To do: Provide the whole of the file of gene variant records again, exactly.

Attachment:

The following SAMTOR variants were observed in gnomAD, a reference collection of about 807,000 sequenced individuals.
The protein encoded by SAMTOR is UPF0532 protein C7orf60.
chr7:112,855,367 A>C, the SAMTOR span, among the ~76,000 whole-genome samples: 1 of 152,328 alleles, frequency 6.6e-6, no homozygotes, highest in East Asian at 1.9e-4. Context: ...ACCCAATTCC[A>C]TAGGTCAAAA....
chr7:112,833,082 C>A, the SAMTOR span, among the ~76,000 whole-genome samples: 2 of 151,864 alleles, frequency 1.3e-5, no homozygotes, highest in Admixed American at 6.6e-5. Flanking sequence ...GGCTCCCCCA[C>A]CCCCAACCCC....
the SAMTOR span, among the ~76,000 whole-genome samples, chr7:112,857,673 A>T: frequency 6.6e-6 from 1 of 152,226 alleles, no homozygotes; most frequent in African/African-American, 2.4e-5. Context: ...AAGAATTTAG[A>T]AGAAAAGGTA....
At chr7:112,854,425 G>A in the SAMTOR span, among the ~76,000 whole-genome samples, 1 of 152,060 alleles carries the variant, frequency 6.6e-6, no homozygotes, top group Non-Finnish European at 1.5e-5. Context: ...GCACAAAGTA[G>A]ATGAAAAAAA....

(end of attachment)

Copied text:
The following SAMTOR variants were observed in gnomAD, a reference collection of about 807,000 sequenced individuals.
The protein encoded by SAMTOR is UPF0532 protein C7orf60.
chr7:112,855,367 A>C, the SAMTOR span, among the ~76,000 whole-genome samples: 1 of 152,328 alleles, frequency 6.6e-6, no homozygotes, highest in East Asian at 1.9e-4. Context: ...ACCCAATTCC[A>C]TAGGTCAAAA....
chr7:112,833,082 C>A, the SAMTOR span, among the ~76,000 whole-genome samples: 2 of 151,864 alleles, frequency 1.3e-5, no homozygotes, highest in Admixed American at 6.6e-5. Flanking sequence ...GGCTCCCCCA[C>A]CCCCAACCCC....
the SAMTOR span, among the ~76,000 whole-genome samples, chr7:112,857,673 A>T: frequency 6.6e-6 from 1 of 152,226 alleles, no homozygotes; most frequent in African/African-American, 2.4e-5. Context: ...AAGAATTTAG[A>T]AGAAAAGGTA....
At chr7:112,854,425 G>A in the SAMTOR span, among the ~76,000 whole-genome samples, 1 of 152,060 alleles carries the variant, frequency 6.6e-6, no homozygotes, top group Non-Finnish European at 1.5e-5. Context: ...GCACAAAGTA[G>A]ATGAAAAAAA....